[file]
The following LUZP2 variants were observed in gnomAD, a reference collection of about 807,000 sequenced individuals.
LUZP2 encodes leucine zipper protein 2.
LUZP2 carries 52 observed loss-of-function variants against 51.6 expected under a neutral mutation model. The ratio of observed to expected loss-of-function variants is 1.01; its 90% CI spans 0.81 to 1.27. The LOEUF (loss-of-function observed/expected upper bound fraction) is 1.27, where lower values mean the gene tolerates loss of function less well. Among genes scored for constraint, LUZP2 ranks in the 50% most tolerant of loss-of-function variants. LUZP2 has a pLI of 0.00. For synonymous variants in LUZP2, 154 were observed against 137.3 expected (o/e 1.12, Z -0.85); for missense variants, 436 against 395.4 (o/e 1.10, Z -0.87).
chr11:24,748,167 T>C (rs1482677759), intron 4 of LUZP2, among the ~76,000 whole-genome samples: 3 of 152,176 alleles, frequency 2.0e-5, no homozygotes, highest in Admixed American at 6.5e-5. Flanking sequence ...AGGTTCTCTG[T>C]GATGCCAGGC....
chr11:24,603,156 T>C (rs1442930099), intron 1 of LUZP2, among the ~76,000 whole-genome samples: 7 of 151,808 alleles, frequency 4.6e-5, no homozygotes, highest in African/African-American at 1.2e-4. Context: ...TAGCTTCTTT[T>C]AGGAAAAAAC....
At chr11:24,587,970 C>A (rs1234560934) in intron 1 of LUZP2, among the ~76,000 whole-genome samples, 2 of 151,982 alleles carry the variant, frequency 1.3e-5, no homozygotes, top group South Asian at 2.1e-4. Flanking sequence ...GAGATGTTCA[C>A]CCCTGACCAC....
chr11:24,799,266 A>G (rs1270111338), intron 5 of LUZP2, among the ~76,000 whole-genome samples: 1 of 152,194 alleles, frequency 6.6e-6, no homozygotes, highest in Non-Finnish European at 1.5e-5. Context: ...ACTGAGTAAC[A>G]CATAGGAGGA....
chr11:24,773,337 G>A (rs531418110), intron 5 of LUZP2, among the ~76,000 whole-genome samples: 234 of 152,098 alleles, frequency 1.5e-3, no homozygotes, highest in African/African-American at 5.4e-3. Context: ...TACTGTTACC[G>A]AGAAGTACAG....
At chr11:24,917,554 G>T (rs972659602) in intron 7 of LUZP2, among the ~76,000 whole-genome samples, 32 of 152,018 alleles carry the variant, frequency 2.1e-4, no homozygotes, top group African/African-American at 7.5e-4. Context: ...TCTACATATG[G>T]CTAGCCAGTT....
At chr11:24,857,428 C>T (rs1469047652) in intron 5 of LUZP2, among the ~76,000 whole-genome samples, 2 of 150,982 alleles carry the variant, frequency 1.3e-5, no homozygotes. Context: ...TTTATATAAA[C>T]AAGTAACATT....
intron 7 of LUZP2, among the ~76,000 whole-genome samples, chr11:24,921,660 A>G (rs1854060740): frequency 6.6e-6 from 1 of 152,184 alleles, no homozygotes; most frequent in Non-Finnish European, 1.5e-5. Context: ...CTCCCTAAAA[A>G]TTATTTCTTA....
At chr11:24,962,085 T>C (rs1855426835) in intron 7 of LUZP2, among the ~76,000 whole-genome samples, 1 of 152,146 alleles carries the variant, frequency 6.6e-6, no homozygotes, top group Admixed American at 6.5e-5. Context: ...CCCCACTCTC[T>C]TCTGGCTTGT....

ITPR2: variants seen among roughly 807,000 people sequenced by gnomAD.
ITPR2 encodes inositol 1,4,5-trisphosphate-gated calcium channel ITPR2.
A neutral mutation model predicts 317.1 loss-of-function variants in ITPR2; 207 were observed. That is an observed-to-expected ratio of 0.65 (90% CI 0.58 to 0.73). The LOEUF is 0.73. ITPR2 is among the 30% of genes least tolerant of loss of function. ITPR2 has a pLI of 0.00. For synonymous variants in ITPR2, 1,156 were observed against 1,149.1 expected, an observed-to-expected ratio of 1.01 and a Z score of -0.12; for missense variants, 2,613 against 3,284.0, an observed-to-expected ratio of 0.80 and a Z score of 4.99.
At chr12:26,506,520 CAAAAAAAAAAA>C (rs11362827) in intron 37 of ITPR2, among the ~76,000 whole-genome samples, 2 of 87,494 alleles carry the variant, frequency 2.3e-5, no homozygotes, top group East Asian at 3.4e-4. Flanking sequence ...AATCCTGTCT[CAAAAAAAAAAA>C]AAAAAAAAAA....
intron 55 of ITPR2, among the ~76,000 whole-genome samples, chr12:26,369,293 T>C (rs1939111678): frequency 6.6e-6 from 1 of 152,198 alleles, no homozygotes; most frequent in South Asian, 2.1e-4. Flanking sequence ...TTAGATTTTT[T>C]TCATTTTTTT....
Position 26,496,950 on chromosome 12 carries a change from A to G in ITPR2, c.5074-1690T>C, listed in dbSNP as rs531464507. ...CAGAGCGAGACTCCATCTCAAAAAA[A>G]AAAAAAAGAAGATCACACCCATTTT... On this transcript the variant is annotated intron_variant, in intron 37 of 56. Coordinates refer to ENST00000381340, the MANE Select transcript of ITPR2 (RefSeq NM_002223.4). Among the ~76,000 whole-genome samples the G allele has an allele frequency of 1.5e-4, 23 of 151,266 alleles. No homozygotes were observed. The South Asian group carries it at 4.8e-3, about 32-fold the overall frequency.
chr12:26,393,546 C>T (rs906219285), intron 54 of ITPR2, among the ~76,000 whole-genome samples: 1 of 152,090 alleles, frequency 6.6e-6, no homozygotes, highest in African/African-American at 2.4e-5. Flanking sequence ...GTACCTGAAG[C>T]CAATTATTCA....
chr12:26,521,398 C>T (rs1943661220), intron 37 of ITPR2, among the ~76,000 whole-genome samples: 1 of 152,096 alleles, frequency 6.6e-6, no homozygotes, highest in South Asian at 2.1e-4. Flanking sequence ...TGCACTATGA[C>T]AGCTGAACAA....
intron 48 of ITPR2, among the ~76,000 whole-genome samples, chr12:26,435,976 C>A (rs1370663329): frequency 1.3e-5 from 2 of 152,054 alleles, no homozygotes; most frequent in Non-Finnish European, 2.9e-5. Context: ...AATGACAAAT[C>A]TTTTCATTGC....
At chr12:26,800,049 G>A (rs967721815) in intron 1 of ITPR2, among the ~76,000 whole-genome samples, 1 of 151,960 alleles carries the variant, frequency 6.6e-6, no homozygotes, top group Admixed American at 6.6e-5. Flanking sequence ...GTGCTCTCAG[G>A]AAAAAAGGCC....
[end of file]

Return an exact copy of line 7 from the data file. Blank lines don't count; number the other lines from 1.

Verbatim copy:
chr11:24,799,266 A>G (rs1270111338), intron 5 of LUZP2, among the ~76,000 whole-genome samples: 1 of 152,194 alleles, frequency 6.6e-6, no homozygotes, highest in Non-Finnish European at 1.5e-5. Context: ...ACTGAGTAAC[A>G]CATAGGAGGA....